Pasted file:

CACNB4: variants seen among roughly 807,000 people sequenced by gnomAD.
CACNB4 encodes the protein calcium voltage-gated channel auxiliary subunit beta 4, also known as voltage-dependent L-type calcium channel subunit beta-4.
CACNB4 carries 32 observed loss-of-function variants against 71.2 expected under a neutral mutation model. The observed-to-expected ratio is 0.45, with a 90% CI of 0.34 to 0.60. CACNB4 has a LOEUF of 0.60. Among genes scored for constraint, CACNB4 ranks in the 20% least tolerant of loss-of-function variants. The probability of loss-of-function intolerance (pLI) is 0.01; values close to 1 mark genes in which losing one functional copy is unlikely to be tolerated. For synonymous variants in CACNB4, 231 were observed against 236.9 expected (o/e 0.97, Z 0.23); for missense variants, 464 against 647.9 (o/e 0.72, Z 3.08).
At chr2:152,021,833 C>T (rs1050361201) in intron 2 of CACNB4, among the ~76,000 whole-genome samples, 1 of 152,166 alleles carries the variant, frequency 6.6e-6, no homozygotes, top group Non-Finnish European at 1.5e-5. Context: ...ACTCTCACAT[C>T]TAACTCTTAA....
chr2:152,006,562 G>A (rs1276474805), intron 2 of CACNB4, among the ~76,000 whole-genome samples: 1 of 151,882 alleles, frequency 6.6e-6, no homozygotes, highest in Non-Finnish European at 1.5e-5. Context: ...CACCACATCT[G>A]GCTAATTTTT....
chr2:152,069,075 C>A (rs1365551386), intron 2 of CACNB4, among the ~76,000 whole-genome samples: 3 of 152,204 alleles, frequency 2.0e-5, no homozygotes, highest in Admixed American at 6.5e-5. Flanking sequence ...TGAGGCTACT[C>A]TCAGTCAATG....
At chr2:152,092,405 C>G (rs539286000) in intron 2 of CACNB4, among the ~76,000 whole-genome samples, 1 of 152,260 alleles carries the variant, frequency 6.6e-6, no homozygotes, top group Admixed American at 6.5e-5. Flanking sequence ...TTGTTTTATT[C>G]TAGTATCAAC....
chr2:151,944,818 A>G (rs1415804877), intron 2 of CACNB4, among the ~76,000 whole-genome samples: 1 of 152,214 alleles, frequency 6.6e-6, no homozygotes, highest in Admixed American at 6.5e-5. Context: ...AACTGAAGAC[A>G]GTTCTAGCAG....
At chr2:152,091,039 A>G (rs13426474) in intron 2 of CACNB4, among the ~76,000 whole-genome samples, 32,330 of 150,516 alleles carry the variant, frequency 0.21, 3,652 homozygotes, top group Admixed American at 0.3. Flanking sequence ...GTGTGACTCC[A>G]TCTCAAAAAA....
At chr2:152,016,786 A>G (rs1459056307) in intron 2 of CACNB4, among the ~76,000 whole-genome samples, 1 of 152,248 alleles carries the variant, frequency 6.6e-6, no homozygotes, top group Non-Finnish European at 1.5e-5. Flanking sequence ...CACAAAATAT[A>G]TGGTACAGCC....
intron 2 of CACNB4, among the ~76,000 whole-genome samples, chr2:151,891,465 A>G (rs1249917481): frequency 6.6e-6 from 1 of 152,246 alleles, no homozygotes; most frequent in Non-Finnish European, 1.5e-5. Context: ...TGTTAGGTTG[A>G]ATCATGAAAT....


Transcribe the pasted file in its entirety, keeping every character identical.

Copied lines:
CACNB4: variants seen among roughly 807,000 people sequenced by gnomAD.
CACNB4 encodes the protein calcium voltage-gated channel auxiliary subunit beta 4, also known as voltage-dependent L-type calcium channel subunit beta-4.
CACNB4 carries 32 observed loss-of-function variants against 71.2 expected under a neutral mutation model. The observed-to-expected ratio is 0.45, with a 90% CI of 0.34 to 0.60. CACNB4 has a LOEUF of 0.60. Among genes scored for constraint, CACNB4 ranks in the 20% least tolerant of loss-of-function variants. The probability of loss-of-function intolerance (pLI) is 0.01; values close to 1 mark genes in which losing one functional copy is unlikely to be tolerated. For synonymous variants in CACNB4, 231 were observed against 236.9 expected (o/e 0.97, Z 0.23); for missense variants, 464 against 647.9 (o/e 0.72, Z 3.08).
At chr2:152,021,833 C>T (rs1050361201) in intron 2 of CACNB4, among the ~76,000 whole-genome samples, 1 of 152,166 alleles carries the variant, frequency 6.6e-6, no homozygotes, top group Non-Finnish European at 1.5e-5. Context: ...ACTCTCACAT[C>T]TAACTCTTAA....
chr2:152,006,562 G>A (rs1276474805), intron 2 of CACNB4, among the ~76,000 whole-genome samples: 1 of 151,882 alleles, frequency 6.6e-6, no homozygotes, highest in Non-Finnish European at 1.5e-5. Context: ...CACCACATCT[G>A]GCTAATTTTT....
chr2:152,069,075 C>A (rs1365551386), intron 2 of CACNB4, among the ~76,000 whole-genome samples: 3 of 152,204 alleles, frequency 2.0e-5, no homozygotes, highest in Admixed American at 6.5e-5. Flanking sequence ...TGAGGCTACT[C>A]TCAGTCAATG....
At chr2:152,092,405 C>G (rs539286000) in intron 2 of CACNB4, among the ~76,000 whole-genome samples, 1 of 152,260 alleles carries the variant, frequency 6.6e-6, no homozygotes, top group Admixed American at 6.5e-5. Flanking sequence ...TTGTTTTATT[C>G]TAGTATCAAC....
chr2:151,944,818 A>G (rs1415804877), intron 2 of CACNB4, among the ~76,000 whole-genome samples: 1 of 152,214 alleles, frequency 6.6e-6, no homozygotes, highest in Admixed American at 6.5e-5. Context: ...AACTGAAGAC[A>G]GTTCTAGCAG....
At chr2:152,091,039 A>G (rs13426474) in intron 2 of CACNB4, among the ~76,000 whole-genome samples, 32,330 of 150,516 alleles carry the variant, frequency 0.21, 3,652 homozygotes, top group Admixed American at 0.3. Flanking sequence ...GTGTGACTCC[A>G]TCTCAAAAAA....
At chr2:152,016,786 A>G (rs1459056307) in intron 2 of CACNB4, among the ~76,000 whole-genome samples, 1 of 152,248 alleles carries the variant, frequency 6.6e-6, no homozygotes, top group Non-Finnish European at 1.5e-5. Flanking sequence ...CACAAAATAT[A>G]TGGTACAGCC....
intron 2 of CACNB4, among the ~76,000 whole-genome samples, chr2:151,891,465 A>G (rs1249917481): frequency 6.6e-6 from 1 of 152,246 alleles, no homozygotes; most frequent in Non-Finnish European, 1.5e-5. Context: ...TGTTAGGTTG[A>G]ATCATGAAAT....